How do I know a scam artist from a professional locksmith?

How to identify a scammer vs. the real deal without your pocketbook.

 

As a professional and trusted locksmith, we believe it’s important to help our community in every way that we can. Part of helping our community is by communicating. There are dangers in the “locksmithing” world that should be avoided. There are countless scammers in the US waiting for an opportunity to make a quick buck. The problem with this is that the people who assist with your locksmithing needs, if they aren’t licensed and certified, then they don’t have proper training. It also means that your property is not protected under any kind of law. It’s crucial that you know how to tell the difference between a professional locksmith, and scammer.

 

What to look for:

 

  • Do research. With modern day technology it’s easy to gather information quickly. Read online reviews, check for reports and referrals.
  • When you call, ask for a quote. If they can’t give you an exact price, in most cases they are not legit.
  • Check for affiliations. Find out if they are registered with ALOA (Associated Locksmiths of America. This is recommended.
  • Check their certification. A real locksmith will proudly give this information. If they get defensive, or question your motive, you should be questioning theirs.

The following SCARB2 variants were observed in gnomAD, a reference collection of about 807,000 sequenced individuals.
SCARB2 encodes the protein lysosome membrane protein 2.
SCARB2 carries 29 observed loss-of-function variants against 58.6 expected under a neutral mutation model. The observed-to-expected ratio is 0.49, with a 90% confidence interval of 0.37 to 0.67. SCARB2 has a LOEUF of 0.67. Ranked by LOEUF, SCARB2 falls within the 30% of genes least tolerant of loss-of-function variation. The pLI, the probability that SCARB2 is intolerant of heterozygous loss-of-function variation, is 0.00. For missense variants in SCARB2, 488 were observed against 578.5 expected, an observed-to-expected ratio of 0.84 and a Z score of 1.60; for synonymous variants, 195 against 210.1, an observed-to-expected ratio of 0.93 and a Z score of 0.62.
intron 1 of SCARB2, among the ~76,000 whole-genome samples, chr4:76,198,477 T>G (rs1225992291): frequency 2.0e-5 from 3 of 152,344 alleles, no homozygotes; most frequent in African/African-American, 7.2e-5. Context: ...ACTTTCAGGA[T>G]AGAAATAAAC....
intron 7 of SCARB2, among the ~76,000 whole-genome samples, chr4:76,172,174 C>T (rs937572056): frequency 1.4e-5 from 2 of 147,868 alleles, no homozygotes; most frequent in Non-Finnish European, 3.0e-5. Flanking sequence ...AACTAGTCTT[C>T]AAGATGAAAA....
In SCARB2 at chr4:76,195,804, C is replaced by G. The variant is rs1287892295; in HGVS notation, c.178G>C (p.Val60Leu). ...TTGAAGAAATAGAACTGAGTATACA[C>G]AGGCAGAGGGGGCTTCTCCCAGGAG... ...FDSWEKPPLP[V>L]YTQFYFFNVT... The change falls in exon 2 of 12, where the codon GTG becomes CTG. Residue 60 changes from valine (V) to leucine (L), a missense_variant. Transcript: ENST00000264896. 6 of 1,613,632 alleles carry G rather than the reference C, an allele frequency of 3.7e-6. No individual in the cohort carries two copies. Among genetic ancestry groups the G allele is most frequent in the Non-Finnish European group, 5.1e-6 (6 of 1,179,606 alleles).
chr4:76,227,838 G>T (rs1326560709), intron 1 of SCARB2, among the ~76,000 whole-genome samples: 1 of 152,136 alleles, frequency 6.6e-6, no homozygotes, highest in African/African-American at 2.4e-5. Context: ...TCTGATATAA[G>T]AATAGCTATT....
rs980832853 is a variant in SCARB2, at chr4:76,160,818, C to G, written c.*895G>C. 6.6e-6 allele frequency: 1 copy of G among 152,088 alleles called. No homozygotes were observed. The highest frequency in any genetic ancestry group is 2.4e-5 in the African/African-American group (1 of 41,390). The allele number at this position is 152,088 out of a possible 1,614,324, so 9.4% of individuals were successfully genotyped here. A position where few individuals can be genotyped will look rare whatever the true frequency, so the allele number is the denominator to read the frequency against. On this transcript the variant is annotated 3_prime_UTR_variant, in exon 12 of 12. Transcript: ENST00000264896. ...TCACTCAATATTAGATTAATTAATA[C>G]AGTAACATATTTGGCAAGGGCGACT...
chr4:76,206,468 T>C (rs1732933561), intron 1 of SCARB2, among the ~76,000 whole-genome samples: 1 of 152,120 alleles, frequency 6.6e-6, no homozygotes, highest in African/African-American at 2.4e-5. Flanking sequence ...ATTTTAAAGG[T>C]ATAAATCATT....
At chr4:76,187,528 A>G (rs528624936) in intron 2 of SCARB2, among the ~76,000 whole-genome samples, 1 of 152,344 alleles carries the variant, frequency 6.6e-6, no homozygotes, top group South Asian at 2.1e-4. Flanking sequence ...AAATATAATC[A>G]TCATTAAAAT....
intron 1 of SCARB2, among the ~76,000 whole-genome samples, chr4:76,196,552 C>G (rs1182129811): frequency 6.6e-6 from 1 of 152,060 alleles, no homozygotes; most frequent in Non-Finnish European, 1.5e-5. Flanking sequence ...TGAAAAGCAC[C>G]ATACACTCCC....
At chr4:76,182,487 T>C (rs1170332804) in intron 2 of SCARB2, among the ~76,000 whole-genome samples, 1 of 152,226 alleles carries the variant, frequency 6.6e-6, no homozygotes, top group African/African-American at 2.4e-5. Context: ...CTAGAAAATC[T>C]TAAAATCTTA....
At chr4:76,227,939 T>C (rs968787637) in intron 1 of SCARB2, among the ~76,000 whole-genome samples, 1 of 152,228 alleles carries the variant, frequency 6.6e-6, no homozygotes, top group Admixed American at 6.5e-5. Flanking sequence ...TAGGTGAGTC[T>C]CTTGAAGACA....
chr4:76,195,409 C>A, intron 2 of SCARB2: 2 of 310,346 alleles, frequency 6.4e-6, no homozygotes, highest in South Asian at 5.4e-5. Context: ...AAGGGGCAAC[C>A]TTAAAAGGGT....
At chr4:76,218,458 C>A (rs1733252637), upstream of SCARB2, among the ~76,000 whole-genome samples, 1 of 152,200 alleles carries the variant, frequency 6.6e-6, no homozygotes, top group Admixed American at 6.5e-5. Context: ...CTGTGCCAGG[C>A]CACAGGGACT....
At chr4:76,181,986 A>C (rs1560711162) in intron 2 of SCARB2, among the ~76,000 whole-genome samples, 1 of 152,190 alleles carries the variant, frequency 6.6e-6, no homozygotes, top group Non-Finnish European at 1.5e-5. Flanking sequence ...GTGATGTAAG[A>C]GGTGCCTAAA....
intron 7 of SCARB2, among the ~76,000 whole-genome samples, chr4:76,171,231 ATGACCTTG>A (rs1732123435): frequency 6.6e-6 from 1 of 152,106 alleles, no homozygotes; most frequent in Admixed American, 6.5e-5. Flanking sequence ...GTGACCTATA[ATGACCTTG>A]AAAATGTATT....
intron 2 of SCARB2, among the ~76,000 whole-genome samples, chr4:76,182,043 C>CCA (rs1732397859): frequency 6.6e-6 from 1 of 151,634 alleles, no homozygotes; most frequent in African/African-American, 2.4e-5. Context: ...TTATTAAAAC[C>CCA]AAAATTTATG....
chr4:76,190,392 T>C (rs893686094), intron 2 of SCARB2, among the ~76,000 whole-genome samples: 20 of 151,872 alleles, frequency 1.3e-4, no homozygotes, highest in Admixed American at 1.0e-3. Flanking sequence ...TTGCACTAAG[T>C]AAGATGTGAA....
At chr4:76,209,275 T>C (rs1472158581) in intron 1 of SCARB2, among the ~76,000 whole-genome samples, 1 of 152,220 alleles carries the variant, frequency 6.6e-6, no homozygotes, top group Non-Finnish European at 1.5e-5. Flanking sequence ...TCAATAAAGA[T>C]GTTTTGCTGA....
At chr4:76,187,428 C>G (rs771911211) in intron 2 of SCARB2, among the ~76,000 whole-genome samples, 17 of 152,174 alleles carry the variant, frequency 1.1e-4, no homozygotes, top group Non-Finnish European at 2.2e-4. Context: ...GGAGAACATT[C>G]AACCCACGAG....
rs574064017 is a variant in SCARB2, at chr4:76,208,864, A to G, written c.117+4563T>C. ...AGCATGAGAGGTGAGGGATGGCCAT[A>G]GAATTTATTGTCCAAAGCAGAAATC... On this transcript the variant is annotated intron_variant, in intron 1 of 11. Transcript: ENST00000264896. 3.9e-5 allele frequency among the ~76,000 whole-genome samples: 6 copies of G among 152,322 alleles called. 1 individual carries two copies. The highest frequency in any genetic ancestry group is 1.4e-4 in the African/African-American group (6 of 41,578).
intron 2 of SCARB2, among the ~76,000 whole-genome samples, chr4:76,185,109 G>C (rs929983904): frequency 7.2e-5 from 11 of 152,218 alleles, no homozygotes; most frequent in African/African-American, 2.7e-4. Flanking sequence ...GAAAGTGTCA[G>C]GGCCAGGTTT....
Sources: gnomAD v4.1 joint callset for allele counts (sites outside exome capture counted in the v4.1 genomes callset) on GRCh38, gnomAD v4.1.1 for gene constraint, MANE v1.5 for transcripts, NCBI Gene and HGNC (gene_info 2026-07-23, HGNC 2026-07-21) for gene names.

• Pay attention to the small details. Did they arrive in a company vehicle? This is more important than you would think. If they took the time, and paid the money for printed vehicles, they are likely licensed. Is the locksmith in uniform? They should be.

 

How does the scamming work?

 

In many cases, the locksmith scams participate in a mass industry, usually operated from another country. When you search google for a local locksmith, several numbers and websites will pop up. You might notice good reviews, but be aware that reviews are not always legit. These scammers will pay people to create fake reviews. When you call, it will forward to a dispatcher, and they’ll say something along the lines of “Locksmith” or “Service”, but will leave out the name of the business you are trying to reach. When you ask for a quote, they will reply with a low price and make sure it’s open for change. They trap people with the low price, but when they show up to do the job, they will do it and up the price based on “the difficulty of the job.” These kinds of scams are becoming more popular and are circulating all over the internet. It’s important to be aware. Utilizing false locksmithing services will breed disaster.

 

Why isn’t Google doing anything about the problem?

 

Out of frustration, it’s easy to point the finger. Google is trying to counteract the problem, and they have many security measures actively working in order to tear at the roots of the issue. It’s more complex than it seems. It’s best to be educated, and aware of the possibilities so that you don’t fall victim to the scamming while it’s still happening.

In a locksmith emergency, give us a call. 

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